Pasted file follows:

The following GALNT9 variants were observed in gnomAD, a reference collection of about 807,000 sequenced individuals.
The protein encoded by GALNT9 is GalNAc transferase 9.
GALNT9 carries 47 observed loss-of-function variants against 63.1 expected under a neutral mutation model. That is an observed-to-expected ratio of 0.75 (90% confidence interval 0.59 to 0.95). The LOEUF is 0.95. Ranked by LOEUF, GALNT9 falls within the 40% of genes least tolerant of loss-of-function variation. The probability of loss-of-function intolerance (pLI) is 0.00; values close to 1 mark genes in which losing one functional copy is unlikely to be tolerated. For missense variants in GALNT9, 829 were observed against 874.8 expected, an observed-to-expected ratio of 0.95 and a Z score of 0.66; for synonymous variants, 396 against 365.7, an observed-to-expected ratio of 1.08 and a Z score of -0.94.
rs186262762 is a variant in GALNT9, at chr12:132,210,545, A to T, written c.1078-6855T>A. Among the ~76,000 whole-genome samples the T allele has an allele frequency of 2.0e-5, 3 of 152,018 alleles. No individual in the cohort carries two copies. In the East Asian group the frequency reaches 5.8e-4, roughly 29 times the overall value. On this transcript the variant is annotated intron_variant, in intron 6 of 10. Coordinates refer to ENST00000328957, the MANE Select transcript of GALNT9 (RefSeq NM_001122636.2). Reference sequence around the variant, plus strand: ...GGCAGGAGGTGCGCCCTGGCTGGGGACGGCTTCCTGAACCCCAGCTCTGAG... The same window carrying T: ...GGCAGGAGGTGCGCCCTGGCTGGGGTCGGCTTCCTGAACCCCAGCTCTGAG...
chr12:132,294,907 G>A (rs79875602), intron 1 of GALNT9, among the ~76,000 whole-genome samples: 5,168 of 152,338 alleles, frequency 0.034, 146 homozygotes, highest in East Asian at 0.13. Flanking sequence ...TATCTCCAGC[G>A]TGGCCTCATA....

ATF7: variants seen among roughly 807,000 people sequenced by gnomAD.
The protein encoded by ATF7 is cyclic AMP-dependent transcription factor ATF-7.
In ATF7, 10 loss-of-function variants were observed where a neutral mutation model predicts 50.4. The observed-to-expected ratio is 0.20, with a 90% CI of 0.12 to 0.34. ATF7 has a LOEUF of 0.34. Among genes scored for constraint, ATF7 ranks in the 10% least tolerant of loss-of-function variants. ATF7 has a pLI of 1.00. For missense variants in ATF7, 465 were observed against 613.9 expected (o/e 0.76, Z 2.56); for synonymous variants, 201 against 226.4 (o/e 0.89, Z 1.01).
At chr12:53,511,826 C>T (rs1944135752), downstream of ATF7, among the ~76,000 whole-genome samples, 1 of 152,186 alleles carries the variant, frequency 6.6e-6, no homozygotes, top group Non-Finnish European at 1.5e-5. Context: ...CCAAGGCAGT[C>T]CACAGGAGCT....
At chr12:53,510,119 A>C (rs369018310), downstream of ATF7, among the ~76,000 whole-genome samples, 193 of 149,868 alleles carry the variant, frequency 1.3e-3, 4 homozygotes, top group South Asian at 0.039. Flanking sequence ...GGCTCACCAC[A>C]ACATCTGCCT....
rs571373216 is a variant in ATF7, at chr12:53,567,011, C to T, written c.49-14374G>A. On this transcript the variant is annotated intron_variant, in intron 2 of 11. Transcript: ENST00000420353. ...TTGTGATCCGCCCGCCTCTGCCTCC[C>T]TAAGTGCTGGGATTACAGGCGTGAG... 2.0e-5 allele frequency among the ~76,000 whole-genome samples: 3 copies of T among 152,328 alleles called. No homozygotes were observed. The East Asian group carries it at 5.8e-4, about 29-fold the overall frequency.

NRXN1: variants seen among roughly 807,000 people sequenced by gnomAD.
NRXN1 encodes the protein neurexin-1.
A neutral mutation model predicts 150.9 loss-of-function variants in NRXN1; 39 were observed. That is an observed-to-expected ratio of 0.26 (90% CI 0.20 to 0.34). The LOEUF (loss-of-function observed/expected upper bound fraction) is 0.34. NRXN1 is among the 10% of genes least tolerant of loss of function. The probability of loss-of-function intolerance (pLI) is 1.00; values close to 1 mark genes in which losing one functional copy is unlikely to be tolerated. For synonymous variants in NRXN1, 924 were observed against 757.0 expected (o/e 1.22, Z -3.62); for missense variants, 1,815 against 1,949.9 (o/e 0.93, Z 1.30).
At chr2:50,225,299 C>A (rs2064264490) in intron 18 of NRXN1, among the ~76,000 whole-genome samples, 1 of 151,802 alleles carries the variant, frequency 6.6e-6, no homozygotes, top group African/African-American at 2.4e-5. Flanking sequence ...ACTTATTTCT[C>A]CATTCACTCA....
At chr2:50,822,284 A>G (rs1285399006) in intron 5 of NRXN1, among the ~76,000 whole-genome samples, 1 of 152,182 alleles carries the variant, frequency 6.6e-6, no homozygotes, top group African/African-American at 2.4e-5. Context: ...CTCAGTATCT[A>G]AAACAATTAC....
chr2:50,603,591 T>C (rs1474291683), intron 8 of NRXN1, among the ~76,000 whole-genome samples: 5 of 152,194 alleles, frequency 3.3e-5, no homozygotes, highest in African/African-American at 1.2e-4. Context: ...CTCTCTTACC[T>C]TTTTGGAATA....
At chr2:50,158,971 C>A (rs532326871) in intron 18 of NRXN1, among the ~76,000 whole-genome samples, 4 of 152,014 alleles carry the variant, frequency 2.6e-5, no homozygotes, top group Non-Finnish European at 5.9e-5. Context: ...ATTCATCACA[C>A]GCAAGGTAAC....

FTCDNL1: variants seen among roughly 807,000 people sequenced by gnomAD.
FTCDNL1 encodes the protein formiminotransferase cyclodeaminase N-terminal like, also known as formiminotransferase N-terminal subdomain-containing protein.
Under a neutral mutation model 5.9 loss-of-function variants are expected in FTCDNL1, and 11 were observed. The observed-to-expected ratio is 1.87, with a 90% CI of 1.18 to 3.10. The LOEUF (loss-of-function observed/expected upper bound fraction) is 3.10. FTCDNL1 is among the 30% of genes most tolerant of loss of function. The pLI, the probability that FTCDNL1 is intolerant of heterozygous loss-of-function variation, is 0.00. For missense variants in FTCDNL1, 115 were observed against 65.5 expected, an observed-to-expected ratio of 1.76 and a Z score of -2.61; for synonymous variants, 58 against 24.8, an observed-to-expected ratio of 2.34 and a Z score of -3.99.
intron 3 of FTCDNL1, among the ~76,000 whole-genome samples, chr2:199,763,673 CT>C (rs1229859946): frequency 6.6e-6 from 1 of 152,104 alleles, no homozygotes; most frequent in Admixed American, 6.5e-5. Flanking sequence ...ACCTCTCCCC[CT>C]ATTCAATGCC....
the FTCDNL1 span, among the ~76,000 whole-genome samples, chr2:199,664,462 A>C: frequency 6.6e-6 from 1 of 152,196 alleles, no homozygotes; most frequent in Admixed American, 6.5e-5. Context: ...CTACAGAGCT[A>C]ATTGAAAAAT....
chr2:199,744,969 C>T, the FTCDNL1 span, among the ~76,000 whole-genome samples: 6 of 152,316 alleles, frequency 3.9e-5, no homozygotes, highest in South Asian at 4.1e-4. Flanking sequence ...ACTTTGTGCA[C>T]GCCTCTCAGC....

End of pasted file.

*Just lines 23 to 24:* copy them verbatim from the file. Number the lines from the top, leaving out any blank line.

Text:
the FTCDNL1 span, among the ~76,000 whole-genome samples, chr2:199,664,462 A>C: frequency 6.6e-6 from 1 of 152,196 alleles, no homozygotes; most frequent in Admixed American, 6.5e-5. Context: ...CTACAGAGCT[A>C]ATTGAAAAAT....
chr2:199,744,969 C>T, the FTCDNL1 span, among the ~76,000 whole-genome samples: 6 of 152,316 alleles, frequency 3.9e-5, no homozygotes, highest in South Asian at 4.1e-4. Flanking sequence ...ACTTTGTGCA[C>T]GCCTCTCAGC....